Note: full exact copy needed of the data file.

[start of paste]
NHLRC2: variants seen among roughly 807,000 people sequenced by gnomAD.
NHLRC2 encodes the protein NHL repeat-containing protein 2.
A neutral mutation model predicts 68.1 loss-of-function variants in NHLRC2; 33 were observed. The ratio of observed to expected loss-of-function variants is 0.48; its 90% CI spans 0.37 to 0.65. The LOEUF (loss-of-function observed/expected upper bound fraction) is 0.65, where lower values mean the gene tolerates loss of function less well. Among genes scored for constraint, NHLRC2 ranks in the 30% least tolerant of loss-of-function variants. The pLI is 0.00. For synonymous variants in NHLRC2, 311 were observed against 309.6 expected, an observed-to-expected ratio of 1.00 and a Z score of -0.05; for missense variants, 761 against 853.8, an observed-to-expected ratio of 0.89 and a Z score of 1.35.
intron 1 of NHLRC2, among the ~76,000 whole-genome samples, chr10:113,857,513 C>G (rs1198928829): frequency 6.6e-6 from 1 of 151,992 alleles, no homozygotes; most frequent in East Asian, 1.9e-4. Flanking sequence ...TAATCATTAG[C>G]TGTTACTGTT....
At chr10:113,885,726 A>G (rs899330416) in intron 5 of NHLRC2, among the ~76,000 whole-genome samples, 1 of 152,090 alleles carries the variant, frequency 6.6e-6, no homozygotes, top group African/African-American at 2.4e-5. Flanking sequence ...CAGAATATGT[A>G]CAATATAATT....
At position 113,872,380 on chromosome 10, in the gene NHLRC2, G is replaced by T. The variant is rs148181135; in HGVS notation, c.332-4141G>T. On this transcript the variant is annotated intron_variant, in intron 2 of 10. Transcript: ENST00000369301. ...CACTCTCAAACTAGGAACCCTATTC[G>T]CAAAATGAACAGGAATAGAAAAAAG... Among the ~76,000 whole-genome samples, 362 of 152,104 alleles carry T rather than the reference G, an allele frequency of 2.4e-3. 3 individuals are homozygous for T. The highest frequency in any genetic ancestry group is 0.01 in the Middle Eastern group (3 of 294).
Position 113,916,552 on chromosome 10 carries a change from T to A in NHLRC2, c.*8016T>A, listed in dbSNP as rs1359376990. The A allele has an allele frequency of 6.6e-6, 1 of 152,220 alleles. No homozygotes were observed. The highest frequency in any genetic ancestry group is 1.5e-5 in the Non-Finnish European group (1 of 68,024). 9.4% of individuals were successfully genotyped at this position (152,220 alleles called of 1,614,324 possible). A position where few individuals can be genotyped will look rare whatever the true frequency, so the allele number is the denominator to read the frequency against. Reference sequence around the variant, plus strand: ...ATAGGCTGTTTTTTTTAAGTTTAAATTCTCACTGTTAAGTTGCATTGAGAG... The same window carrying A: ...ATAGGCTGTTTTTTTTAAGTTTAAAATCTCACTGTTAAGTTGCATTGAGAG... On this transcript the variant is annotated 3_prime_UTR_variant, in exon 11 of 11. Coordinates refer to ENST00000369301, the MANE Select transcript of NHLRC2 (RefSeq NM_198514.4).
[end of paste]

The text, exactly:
NHLRC2: variants seen among roughly 807,000 people sequenced by gnomAD.
NHLRC2 encodes the protein NHL repeat-containing protein 2.
A neutral mutation model predicts 68.1 loss-of-function variants in NHLRC2; 33 were observed. The ratio of observed to expected loss-of-function variants is 0.48; its 90% CI spans 0.37 to 0.65. The LOEUF (loss-of-function observed/expected upper bound fraction) is 0.65, where lower values mean the gene tolerates loss of function less well. Among genes scored for constraint, NHLRC2 ranks in the 30% least tolerant of loss-of-function variants. The pLI is 0.00. For synonymous variants in NHLRC2, 311 were observed against 309.6 expected, an observed-to-expected ratio of 1.00 and a Z score of -0.05; for missense variants, 761 against 853.8, an observed-to-expected ratio of 0.89 and a Z score of 1.35.
intron 1 of NHLRC2, among the ~76,000 whole-genome samples, chr10:113,857,513 C>G (rs1198928829): frequency 6.6e-6 from 1 of 151,992 alleles, no homozygotes; most frequent in East Asian, 1.9e-4. Flanking sequence ...TAATCATTAG[C>G]TGTTACTGTT....
At chr10:113,885,726 A>G (rs899330416) in intron 5 of NHLRC2, among the ~76,000 whole-genome samples, 1 of 152,090 alleles carries the variant, frequency 6.6e-6, no homozygotes, top group African/African-American at 2.4e-5. Flanking sequence ...CAGAATATGT[A>G]CAATATAATT....
At position 113,872,380 on chromosome 10, in the gene NHLRC2, G is replaced by T. The variant is rs148181135; in HGVS notation, c.332-4141G>T. On this transcript the variant is annotated intron_variant, in intron 2 of 10. Transcript: ENST00000369301. ...CACTCTCAAACTAGGAACCCTATTC[G>T]CAAAATGAACAGGAATAGAAAAAAG... Among the ~76,000 whole-genome samples, 362 of 152,104 alleles carry T rather than the reference G, an allele frequency of 2.4e-3. 3 individuals are homozygous for T. The highest frequency in any genetic ancestry group is 0.01 in the Middle Eastern group (3 of 294).
Position 113,916,552 on chromosome 10 carries a change from T to A in NHLRC2, c.*8016T>A, listed in dbSNP as rs1359376990. The A allele has an allele frequency of 6.6e-6, 1 of 152,220 alleles. No homozygotes were observed. The highest frequency in any genetic ancestry group is 1.5e-5 in the Non-Finnish European group (1 of 68,024). 9.4% of individuals were successfully genotyped at this position (152,220 alleles called of 1,614,324 possible). A position where few individuals can be genotyped will look rare whatever the true frequency, so the allele number is the denominator to read the frequency against. Reference sequence around the variant, plus strand: ...ATAGGCTGTTTTTTTTAAGTTTAAATTCTCACTGTTAAGTTGCATTGAGAG... The same window carrying A: ...ATAGGCTGTTTTTTTTAAGTTTAAAATCTCACTGTTAAGTTGCATTGAGAG... On this transcript the variant is annotated 3_prime_UTR_variant, in exon 11 of 11. Coordinates refer to ENST00000369301, the MANE Select transcript of NHLRC2 (RefSeq NM_198514.4).